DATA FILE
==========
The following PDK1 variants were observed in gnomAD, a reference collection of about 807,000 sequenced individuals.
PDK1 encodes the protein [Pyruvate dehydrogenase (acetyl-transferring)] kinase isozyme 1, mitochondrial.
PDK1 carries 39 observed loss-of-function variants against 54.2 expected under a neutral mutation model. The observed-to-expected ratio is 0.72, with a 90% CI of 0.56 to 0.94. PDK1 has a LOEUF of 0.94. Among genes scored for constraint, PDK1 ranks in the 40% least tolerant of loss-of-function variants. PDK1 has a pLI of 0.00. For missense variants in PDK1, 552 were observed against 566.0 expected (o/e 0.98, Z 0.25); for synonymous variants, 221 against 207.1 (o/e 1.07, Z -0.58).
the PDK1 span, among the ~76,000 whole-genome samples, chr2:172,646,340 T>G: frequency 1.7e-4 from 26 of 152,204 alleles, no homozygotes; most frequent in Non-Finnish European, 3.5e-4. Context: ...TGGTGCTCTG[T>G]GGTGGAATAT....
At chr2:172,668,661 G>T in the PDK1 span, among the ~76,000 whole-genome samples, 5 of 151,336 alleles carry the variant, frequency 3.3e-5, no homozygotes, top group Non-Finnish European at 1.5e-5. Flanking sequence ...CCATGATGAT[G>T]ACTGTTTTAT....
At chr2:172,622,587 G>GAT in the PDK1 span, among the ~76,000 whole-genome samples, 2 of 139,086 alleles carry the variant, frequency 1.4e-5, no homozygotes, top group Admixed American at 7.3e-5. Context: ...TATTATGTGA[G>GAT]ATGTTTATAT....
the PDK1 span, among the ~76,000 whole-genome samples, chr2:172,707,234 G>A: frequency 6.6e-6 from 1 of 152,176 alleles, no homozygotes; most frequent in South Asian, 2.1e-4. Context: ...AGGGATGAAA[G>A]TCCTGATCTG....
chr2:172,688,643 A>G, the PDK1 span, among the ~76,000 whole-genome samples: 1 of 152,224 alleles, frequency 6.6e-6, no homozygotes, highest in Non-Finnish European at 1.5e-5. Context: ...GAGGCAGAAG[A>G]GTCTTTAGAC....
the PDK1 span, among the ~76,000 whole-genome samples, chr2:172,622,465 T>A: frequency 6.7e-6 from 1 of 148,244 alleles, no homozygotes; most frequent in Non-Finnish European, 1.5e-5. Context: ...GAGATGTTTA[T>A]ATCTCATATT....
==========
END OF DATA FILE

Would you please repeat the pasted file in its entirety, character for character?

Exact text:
The following PDK1 variants were observed in gnomAD, a reference collection of about 807,000 sequenced individuals.
PDK1 encodes the protein [Pyruvate dehydrogenase (acetyl-transferring)] kinase isozyme 1, mitochondrial.
PDK1 carries 39 observed loss-of-function variants against 54.2 expected under a neutral mutation model. The observed-to-expected ratio is 0.72, with a 90% CI of 0.56 to 0.94. PDK1 has a LOEUF of 0.94. Among genes scored for constraint, PDK1 ranks in the 40% least tolerant of loss-of-function variants. PDK1 has a pLI of 0.00. For missense variants in PDK1, 552 were observed against 566.0 expected (o/e 0.98, Z 0.25); for synonymous variants, 221 against 207.1 (o/e 1.07, Z -0.58).
the PDK1 span, among the ~76,000 whole-genome samples, chr2:172,646,340 T>G: frequency 1.7e-4 from 26 of 152,204 alleles, no homozygotes; most frequent in Non-Finnish European, 3.5e-4. Context: ...TGGTGCTCTG[T>G]GGTGGAATAT....
At chr2:172,668,661 G>T in the PDK1 span, among the ~76,000 whole-genome samples, 5 of 151,336 alleles carry the variant, frequency 3.3e-5, no homozygotes, top group Non-Finnish European at 1.5e-5. Flanking sequence ...CCATGATGAT[G>T]ACTGTTTTAT....
At chr2:172,622,587 G>GAT in the PDK1 span, among the ~76,000 whole-genome samples, 2 of 139,086 alleles carry the variant, frequency 1.4e-5, no homozygotes, top group Admixed American at 7.3e-5. Context: ...TATTATGTGA[G>GAT]ATGTTTATAT....
the PDK1 span, among the ~76,000 whole-genome samples, chr2:172,707,234 G>A: frequency 6.6e-6 from 1 of 152,176 alleles, no homozygotes; most frequent in South Asian, 2.1e-4. Context: ...AGGGATGAAA[G>A]TCCTGATCTG....
chr2:172,688,643 A>G, the PDK1 span, among the ~76,000 whole-genome samples: 1 of 152,224 alleles, frequency 6.6e-6, no homozygotes, highest in Non-Finnish European at 1.5e-5. Context: ...GAGGCAGAAG[A>G]GTCTTTAGAC....
the PDK1 span, among the ~76,000 whole-genome samples, chr2:172,622,465 T>A: frequency 6.7e-6 from 1 of 148,244 alleles, no homozygotes; most frequent in Non-Finnish European, 1.5e-5. Context: ...GAGATGTTTA[T>A]ATCTCATATT....